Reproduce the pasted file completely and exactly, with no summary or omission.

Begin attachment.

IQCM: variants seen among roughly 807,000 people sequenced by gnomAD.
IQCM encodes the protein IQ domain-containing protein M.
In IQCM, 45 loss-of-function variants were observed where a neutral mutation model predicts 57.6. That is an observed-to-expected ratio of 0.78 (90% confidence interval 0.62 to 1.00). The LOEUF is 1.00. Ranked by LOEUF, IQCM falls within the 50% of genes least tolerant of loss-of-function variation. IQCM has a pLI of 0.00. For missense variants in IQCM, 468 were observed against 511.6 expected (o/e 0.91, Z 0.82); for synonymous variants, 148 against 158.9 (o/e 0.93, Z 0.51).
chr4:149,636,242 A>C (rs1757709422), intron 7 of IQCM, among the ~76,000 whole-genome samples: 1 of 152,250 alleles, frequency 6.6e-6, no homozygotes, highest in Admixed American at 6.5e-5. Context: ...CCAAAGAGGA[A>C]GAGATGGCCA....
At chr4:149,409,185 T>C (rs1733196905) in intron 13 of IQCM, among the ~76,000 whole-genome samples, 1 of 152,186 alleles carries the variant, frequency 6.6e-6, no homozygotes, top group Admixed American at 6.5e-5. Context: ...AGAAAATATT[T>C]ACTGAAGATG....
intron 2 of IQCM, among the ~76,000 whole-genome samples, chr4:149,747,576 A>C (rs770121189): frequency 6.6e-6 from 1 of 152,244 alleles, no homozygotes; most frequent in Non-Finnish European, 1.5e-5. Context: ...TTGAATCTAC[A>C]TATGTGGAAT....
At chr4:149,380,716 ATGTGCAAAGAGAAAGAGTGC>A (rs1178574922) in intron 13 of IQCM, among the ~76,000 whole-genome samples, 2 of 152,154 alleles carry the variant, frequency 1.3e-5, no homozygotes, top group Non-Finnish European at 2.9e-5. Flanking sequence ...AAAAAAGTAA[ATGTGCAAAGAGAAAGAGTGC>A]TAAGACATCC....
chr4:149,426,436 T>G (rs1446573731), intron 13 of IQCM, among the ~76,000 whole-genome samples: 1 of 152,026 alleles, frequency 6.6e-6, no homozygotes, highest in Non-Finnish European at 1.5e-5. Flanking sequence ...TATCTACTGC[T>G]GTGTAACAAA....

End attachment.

IQCM: variants seen among roughly 807,000 people sequenced by gnomAD.
IQCM encodes the protein IQ domain-containing protein M.
In IQCM, 45 loss-of-function variants were observed where a neutral mutation model predicts 57.6. That is an observed-to-expected ratio of 0.78 (90% confidence interval 0.62 to 1.00). The LOEUF is 1.00. Ranked by LOEUF, IQCM falls within the 50% of genes least tolerant of loss-of-function variation. IQCM has a pLI of 0.00. For missense variants in IQCM, 468 were observed against 511.6 expected (o/e 0.91, Z 0.82); for synonymous variants, 148 against 158.9 (o/e 0.93, Z 0.51).
chr4:149,636,242 A>C (rs1757709422), intron 7 of IQCM, among the ~76,000 whole-genome samples: 1 of 152,250 alleles, frequency 6.6e-6, no homozygotes, highest in Admixed American at 6.5e-5. Context: ...CCAAAGAGGA[A>C]GAGATGGCCA....
At chr4:149,409,185 T>C (rs1733196905) in intron 13 of IQCM, among the ~76,000 whole-genome samples, 1 of 152,186 alleles carries the variant, frequency 6.6e-6, no homozygotes, top group Admixed American at 6.5e-5. Context: ...AGAAAATATT[T>C]ACTGAAGATG....
intron 2 of IQCM, among the ~76,000 whole-genome samples, chr4:149,747,576 A>C (rs770121189): frequency 6.6e-6 from 1 of 152,244 alleles, no homozygotes; most frequent in Non-Finnish European, 1.5e-5. Context: ...TTGAATCTAC[A>C]TATGTGGAAT....
At chr4:149,380,716 ATGTGCAAAGAGAAAGAGTGC>A (rs1178574922) in intron 13 of IQCM, among the ~76,000 whole-genome samples, 2 of 152,154 alleles carry the variant, frequency 1.3e-5, no homozygotes, top group Non-Finnish European at 2.9e-5. Flanking sequence ...AAAAAAGTAA[ATGTGCAAAGAGAAAGAGTGC>A]TAAGACATCC....
chr4:149,426,436 T>G (rs1446573731), intron 13 of IQCM, among the ~76,000 whole-genome samples: 1 of 152,026 alleles, frequency 6.6e-6, no homozygotes, highest in Non-Finnish European at 1.5e-5. Flanking sequence ...TATCTACTGC[T>G]GTGTAACAAA....